May – or may not? Electricity users will need to be re-educated to show ‘responsibility’, it seems, and to submit to ‘demand side control’ in future. So the power provider may decide when, or which, items of plug-in electrical equipment can or cannot be used in your local area at any given time, or vary its charges, as already happens in some contracts. The idea of having adequate resources of electricity generation is no longer put forward as the desired standard. Into this new set-up they want to bring millions of electric vehicles and abolish domestic gas heating systems, straining credibility.
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Power plants generate electricity and send it into power lines that distribute energy to nodes, or sites, where it can be used, says TechXplore.
But if the electricity load is more than the system’s capacity, transmission can fail, leading to a cascade of failures throughout the electric grid.
This domino effect was responsible for the largest blackout in U.S. history in 2003, which left 55 million Americans and Canadians without power at an estimated cost of $6 billion.
An even larger blackout in 2015 affected 57 million people in Italy.
Blackouts cause ripple effects throughout the economies they affect, and they can be dangerous for people depending on electronics in hospitals.
In a paper published in Chaos, the authors show demand side control may be an effective solution to stabilizing the reliability of power grids that use a mix of energy generation sources.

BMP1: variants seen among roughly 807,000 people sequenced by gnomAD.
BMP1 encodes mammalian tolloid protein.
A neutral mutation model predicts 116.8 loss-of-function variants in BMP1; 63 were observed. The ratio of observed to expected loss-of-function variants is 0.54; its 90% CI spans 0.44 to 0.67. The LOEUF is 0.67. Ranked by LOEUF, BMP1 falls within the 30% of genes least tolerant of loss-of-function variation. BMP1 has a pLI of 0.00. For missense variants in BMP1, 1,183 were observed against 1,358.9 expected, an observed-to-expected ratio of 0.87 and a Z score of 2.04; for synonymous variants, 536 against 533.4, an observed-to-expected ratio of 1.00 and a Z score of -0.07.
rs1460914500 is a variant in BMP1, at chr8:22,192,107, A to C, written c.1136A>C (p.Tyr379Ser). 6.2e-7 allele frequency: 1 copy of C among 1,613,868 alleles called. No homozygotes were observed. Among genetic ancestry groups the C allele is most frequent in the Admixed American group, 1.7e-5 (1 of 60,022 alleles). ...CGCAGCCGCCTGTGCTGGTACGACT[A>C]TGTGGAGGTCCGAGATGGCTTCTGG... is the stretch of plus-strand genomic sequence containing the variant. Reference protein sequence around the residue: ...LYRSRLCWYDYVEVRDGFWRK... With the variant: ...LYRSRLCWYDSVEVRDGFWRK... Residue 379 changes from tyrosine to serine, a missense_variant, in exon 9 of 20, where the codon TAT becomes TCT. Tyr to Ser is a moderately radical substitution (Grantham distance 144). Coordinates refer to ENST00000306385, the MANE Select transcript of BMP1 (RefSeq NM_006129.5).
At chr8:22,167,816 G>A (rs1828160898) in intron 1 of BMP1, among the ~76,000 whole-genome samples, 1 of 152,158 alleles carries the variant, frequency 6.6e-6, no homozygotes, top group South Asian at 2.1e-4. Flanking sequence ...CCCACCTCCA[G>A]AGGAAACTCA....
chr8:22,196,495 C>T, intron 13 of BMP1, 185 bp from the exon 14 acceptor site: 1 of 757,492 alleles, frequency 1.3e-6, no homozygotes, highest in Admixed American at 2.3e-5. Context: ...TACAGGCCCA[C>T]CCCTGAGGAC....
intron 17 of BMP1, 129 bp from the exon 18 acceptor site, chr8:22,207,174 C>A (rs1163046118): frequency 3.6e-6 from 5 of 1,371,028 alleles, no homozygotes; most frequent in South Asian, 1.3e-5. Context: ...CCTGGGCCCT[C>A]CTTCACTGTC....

Pere Colet and colleagues factored the effects of demand side management into power grids using a model to simulate the rapid fluctuations involved and tested the system under different demand loads.
The authors extended a model for the complex dynamics of blackouts in power grids to include three important factors: intraday variability (peaks in electricity demand when people wake up or come home from work), power bursts caused by simultaneous switching on of many electric devices (either by chance or by large factories), and the effect of managing demand (using devices that delay switching on until the grid is more clear) on the power grid.
“With a growing fraction of electric energy generated from wind and solar power plants, which are subject to weather changes, fluctuations will increase, and we have to consider different control approaches to balance the system,” Colet said. “Devices that are smart enough to postpone certain tasks can help. This is what is known as demand side management.”
Full article here.
via Tallbloke’s Talkshop
November 12, 2020 at 08:36AM